“He also provides cash backing for fiscal and monetary operations of the federal government. Since there is an extant court judgment, which has not been overturned by an appellate court, which judgment is also backed by an existing regulatory law (Executive Order 10) duly signed by Mr. President in accordance with Section 5 of the 1999 Constitution, the AGF will be perfectly right to deduct at source, all revenues payable to the courts as a first-line charge, and remit same directly to the heads of the various state judiciaries in Nigeria.”

Ozekhome added that any state that is dissatisfied with such a step by the AGF could go to the Supreme Court and invoke its original jurisdiction in accordance with Section 232(1) of the 1999 Constitution as amended.

Baiyeshea also advised that monies belonging to the judiciary and legislature should no longer go through the state governments but rather through their accountants.

He said: “The only constitutional step I can canvass is for money budgeted for each arm of government to be paid directly to their accountants.

“Let no fund meant for judiciary or House of Assembly pass through the state governments again.

“It is not a complex matter at all. So, that judiciary and legislature will no longer have to go as they say ‘cap in hand ‘begging’ for what constitutionally belongs to them.”

He said the heads of those arms of government, would be accountable for the funds.

However, Raji suggested that the federal government can approach the apex court for an order freezing funds belonging to a state government that refuses to comply with the constitutional provisions on financial autonomy for the judiciary and legislature.

He said: “The federal government is enjoined to file a suit in the Supreme Court against the recalcitrant states with a prayer for permission to warehouse appropriate funds pending evidence of compliance.”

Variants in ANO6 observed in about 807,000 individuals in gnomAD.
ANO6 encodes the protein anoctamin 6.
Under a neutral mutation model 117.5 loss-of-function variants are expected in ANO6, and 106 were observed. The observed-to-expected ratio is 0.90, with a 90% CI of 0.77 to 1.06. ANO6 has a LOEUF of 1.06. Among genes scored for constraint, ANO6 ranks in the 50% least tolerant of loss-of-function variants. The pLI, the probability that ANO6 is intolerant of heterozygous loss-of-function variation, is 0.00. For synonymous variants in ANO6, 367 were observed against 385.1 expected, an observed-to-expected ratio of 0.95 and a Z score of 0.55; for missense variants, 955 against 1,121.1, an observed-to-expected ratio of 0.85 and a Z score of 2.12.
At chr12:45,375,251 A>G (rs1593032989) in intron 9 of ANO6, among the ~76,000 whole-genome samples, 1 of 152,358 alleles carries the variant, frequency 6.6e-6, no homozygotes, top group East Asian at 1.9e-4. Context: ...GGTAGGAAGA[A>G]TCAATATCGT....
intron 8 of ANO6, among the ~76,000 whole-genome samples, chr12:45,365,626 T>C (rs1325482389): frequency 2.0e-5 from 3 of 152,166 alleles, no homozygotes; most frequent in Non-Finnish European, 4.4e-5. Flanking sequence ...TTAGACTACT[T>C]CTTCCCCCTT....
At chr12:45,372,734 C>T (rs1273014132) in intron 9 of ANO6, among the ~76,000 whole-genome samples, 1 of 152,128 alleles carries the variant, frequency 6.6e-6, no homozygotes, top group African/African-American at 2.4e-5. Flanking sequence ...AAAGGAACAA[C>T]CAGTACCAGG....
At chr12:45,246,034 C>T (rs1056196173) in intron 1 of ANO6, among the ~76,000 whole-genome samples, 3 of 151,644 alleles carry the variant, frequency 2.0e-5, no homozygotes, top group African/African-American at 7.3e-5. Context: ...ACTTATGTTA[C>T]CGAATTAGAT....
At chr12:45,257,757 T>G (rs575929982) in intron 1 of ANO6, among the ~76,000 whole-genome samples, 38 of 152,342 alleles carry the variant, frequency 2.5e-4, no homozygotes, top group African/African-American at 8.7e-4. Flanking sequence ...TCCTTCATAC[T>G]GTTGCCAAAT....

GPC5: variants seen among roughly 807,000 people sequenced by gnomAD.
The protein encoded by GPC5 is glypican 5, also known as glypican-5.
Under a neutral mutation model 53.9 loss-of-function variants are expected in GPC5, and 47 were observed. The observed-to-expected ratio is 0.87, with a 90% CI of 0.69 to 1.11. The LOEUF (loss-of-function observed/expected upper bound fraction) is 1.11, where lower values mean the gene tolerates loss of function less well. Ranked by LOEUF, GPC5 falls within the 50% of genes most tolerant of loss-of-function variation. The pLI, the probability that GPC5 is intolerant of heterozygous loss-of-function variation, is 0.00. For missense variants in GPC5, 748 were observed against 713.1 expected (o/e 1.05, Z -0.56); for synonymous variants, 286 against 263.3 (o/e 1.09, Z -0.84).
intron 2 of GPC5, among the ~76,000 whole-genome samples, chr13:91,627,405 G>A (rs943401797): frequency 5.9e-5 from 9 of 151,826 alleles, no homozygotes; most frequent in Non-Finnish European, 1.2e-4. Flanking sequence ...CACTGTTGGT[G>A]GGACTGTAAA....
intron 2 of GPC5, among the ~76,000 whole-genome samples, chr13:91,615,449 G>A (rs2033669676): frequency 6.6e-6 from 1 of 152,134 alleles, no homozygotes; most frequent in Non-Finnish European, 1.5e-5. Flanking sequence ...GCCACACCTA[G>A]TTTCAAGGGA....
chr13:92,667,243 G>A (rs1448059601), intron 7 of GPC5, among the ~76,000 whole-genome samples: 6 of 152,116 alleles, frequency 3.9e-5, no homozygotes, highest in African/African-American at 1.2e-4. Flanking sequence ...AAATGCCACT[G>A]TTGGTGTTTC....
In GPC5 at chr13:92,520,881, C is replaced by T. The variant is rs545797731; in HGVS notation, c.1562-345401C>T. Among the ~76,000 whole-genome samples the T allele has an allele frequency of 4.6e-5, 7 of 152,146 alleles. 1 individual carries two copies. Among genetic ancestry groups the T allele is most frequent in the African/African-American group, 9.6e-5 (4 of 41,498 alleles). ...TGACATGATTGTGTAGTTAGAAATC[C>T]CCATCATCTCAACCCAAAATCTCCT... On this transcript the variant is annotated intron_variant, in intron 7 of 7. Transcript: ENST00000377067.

Another senior lawyer, Mr. Dayo Akinlaja (SAN), stated that the judiciary has the power to compel the federal government to act in a particular way.

According to him, since the federal government has shown a desire for financial autonomy for the various state judiciaries and legislatures by signing Executive Order 10, it should approach the court to give it necessary backing.

He argued: “I believe that it is within the province of the judiciary to order the federal government to do or refrain from doing anything. Our constitutional democracy demands that court orders must be obeyed by those concerned.

“However, this ideal remains a mirage most of the time; hence the failure of the state governments to obey the existing judgment. The good thing here would appear to be that the federal government is well disposed to having the state governments ensure financial autonomy for the state judiciary.

“That being so, what the federal executive had intended to achieve through Order 10 should be submitted to the court for judicial pronouncement. Once there is a judgment of the court sanctioning the tenor of the Executive Order 10 and the federal government is sincerely positively disposed thereto, it would be open to the executive to implement the contents of the executive order in the name of obeying court orders in that regard.

“Since the federal government cannot on its own force the state governments to do anything without going extra-legal, this appears to be the safe way out, in my humble view.”

Alex Enumah in Abuja